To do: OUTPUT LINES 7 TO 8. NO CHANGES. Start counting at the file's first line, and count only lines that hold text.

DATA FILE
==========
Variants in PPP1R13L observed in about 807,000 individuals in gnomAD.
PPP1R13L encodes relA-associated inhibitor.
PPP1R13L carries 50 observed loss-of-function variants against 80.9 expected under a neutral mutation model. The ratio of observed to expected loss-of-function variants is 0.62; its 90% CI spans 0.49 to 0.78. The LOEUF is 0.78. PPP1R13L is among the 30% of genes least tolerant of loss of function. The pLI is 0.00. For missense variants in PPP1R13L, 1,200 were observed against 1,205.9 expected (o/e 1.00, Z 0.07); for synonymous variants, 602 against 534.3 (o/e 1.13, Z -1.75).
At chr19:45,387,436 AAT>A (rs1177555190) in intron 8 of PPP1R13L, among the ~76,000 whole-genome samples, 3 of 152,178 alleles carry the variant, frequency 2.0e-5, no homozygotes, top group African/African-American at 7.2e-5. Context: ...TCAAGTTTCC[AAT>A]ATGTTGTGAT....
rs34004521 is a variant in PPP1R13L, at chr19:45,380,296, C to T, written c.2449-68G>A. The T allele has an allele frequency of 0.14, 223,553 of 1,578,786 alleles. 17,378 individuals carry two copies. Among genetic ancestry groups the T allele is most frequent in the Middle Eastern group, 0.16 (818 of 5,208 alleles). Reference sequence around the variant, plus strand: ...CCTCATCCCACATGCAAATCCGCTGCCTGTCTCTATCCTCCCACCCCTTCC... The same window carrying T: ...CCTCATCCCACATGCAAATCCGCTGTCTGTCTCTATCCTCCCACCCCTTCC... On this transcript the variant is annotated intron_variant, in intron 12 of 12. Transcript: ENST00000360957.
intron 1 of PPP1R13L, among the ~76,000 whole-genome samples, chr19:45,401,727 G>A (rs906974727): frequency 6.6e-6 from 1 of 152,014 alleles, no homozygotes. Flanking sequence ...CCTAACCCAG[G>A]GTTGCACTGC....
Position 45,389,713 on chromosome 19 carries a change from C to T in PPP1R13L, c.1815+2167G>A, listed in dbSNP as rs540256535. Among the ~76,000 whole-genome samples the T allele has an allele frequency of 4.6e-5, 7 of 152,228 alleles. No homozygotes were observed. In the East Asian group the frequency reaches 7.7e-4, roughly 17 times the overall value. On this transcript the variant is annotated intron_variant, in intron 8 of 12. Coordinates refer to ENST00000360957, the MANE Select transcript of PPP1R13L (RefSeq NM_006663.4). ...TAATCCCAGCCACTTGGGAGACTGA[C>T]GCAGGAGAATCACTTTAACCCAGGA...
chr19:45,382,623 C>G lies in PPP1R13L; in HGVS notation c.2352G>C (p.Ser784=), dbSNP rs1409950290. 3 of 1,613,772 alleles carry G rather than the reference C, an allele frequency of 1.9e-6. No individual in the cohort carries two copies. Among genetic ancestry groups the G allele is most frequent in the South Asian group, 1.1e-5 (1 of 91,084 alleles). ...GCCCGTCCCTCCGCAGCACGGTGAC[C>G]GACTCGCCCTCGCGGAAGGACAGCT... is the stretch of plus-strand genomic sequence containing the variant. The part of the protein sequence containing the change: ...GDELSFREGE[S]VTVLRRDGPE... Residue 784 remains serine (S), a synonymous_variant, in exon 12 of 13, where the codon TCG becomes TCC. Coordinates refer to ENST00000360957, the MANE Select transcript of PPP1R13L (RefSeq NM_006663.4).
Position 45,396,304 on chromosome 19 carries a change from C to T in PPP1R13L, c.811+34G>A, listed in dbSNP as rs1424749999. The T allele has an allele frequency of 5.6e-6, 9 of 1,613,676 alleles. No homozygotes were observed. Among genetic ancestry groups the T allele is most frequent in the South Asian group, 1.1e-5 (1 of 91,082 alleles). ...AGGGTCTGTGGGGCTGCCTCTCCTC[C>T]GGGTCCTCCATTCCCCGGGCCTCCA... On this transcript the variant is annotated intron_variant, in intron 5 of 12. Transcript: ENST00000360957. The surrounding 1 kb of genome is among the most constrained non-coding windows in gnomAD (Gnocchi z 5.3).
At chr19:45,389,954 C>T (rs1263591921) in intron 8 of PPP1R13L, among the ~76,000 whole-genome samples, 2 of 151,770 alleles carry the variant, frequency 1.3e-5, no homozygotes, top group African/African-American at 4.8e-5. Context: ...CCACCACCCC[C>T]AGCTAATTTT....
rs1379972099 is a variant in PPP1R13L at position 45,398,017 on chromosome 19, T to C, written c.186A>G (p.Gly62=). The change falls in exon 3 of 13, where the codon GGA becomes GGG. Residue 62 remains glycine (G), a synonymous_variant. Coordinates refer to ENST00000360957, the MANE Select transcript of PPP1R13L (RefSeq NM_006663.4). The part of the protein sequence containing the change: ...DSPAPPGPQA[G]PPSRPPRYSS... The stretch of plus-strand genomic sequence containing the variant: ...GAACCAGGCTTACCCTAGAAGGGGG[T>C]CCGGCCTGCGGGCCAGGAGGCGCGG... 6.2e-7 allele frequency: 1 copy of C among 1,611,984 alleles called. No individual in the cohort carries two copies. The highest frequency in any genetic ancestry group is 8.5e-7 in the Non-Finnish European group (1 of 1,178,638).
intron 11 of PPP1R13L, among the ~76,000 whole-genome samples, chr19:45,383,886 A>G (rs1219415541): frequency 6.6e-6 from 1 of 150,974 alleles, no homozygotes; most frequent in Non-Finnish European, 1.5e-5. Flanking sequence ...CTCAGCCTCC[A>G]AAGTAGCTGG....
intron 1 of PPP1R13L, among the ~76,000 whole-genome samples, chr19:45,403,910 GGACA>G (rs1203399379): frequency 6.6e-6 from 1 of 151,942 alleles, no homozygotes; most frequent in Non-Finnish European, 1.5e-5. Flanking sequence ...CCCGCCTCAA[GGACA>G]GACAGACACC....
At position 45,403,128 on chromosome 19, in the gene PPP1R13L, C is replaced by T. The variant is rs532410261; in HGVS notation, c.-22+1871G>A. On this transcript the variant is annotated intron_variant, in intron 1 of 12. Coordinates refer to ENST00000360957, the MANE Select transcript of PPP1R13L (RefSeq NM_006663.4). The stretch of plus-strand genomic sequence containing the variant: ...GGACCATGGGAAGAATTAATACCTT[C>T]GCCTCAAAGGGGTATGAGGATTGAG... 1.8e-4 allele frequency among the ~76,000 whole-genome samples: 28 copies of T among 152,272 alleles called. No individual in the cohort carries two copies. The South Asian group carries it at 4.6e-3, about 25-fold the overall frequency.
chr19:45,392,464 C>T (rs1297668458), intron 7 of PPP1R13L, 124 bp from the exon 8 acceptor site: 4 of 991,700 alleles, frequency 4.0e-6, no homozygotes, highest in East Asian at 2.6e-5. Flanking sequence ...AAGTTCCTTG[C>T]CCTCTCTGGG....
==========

Position 45,389,713 on chromosome 19 carries a change from C to T in PPP1R13L, c.1815+2167G>A, listed in dbSNP as rs540256535. Among the ~76,000 whole-genome samples the T allele has an allele frequency of 4.6e-5, 7 of 152,228 alleles. No homozygotes were observed. In the East Asian group the frequency reaches 7.7e-4, roughly 17 times the overall value. On this transcript the variant is annotated intron_variant, in intron 8 of 12. Coordinates refer to ENST00000360957, the MANE Select transcript of PPP1R13L (RefSeq NM_006663.4). ...TAATCCCAGCCACTTGGGAGACTGA[C>T]GCAGGAGAATCACTTTAACCCAGGA...
chr19:45,382,623 C>G lies in PPP1R13L; in HGVS notation c.2352G>C (p.Ser784=), dbSNP rs1409950290. 3 of 1,613,772 alleles carry G rather than the reference C, an allele frequency of 1.9e-6. No individual in the cohort carries two copies. Among genetic ancestry groups the G allele is most frequent in the South Asian group, 1.1e-5 (1 of 91,084 alleles). ...GCCCGTCCCTCCGCAGCACGGTGAC[C>G]GACTCGCCCTCGCGGAAGGACAGCT... is the stretch of plus-strand genomic sequence containing the variant. The part of the protein sequence containing the change: ...GDELSFREGE[S]VTVLRRDGPE... Residue 784 remains serine (S), a synonymous_variant, in exon 12 of 13, where the codon TCG becomes TCC. Coordinates refer to ENST00000360957, the MANE Select transcript of PPP1R13L (RefSeq NM_006663.4).